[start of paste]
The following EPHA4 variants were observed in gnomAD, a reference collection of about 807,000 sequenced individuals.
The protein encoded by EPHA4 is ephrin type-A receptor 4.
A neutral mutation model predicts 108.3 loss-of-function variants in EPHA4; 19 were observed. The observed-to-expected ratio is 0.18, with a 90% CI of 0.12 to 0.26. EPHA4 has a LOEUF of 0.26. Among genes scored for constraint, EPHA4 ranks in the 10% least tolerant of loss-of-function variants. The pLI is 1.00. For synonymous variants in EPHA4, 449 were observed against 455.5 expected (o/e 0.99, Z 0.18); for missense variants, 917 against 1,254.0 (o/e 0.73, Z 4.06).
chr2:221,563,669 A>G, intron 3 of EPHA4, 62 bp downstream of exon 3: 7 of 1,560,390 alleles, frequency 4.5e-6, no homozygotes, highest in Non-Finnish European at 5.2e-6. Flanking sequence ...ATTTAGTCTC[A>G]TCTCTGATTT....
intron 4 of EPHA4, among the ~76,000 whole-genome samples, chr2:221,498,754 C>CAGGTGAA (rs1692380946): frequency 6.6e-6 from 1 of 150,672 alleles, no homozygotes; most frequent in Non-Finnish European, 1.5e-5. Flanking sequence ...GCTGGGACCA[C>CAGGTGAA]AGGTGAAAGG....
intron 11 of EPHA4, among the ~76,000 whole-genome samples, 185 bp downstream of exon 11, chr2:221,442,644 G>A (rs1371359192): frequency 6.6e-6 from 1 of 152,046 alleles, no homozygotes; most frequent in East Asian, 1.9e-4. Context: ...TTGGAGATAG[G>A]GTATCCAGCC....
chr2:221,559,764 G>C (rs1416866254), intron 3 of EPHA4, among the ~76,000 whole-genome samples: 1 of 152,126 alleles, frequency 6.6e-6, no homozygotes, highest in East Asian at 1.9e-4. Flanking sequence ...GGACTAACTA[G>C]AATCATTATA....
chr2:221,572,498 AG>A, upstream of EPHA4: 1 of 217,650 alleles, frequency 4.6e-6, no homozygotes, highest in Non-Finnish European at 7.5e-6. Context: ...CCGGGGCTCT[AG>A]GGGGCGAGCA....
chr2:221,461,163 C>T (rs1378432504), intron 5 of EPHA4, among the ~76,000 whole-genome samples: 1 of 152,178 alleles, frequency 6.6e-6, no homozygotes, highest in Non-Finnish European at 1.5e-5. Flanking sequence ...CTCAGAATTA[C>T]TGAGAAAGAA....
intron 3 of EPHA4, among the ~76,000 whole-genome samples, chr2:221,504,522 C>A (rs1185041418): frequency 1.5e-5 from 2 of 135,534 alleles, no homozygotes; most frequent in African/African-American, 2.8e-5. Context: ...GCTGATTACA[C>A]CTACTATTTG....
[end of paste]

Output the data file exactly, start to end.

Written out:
The following EPHA4 variants were observed in gnomAD, a reference collection of about 807,000 sequenced individuals.
The protein encoded by EPHA4 is ephrin type-A receptor 4.
A neutral mutation model predicts 108.3 loss-of-function variants in EPHA4; 19 were observed. The observed-to-expected ratio is 0.18, with a 90% CI of 0.12 to 0.26. EPHA4 has a LOEUF of 0.26. Among genes scored for constraint, EPHA4 ranks in the 10% least tolerant of loss-of-function variants. The pLI is 1.00. For synonymous variants in EPHA4, 449 were observed against 455.5 expected (o/e 0.99, Z 0.18); for missense variants, 917 against 1,254.0 (o/e 0.73, Z 4.06).
chr2:221,563,669 A>G, intron 3 of EPHA4, 62 bp downstream of exon 3: 7 of 1,560,390 alleles, frequency 4.5e-6, no homozygotes, highest in Non-Finnish European at 5.2e-6. Flanking sequence ...ATTTAGTCTC[A>G]TCTCTGATTT....
intron 4 of EPHA4, among the ~76,000 whole-genome samples, chr2:221,498,754 C>CAGGTGAA (rs1692380946): frequency 6.6e-6 from 1 of 150,672 alleles, no homozygotes; most frequent in Non-Finnish European, 1.5e-5. Flanking sequence ...GCTGGGACCA[C>CAGGTGAA]AGGTGAAAGG....
intron 11 of EPHA4, among the ~76,000 whole-genome samples, 185 bp downstream of exon 11, chr2:221,442,644 G>A (rs1371359192): frequency 6.6e-6 from 1 of 152,046 alleles, no homozygotes; most frequent in East Asian, 1.9e-4. Context: ...TTGGAGATAG[G>A]GTATCCAGCC....
chr2:221,559,764 G>C (rs1416866254), intron 3 of EPHA4, among the ~76,000 whole-genome samples: 1 of 152,126 alleles, frequency 6.6e-6, no homozygotes, highest in East Asian at 1.9e-4. Flanking sequence ...GGACTAACTA[G>C]AATCATTATA....
chr2:221,572,498 AG>A, upstream of EPHA4: 1 of 217,650 alleles, frequency 4.6e-6, no homozygotes, highest in Non-Finnish European at 7.5e-6. Context: ...CCGGGGCTCT[AG>A]GGGGCGAGCA....
chr2:221,461,163 C>T (rs1378432504), intron 5 of EPHA4, among the ~76,000 whole-genome samples: 1 of 152,178 alleles, frequency 6.6e-6, no homozygotes, highest in Non-Finnish European at 1.5e-5. Flanking sequence ...CTCAGAATTA[C>T]TGAGAAAGAA....
intron 3 of EPHA4, among the ~76,000 whole-genome samples, chr2:221,504,522 C>A (rs1185041418): frequency 1.5e-5 from 2 of 135,534 alleles, no homozygotes; most frequent in African/African-American, 2.8e-5. Context: ...GCTGATTACA[C>A]CTACTATTTG....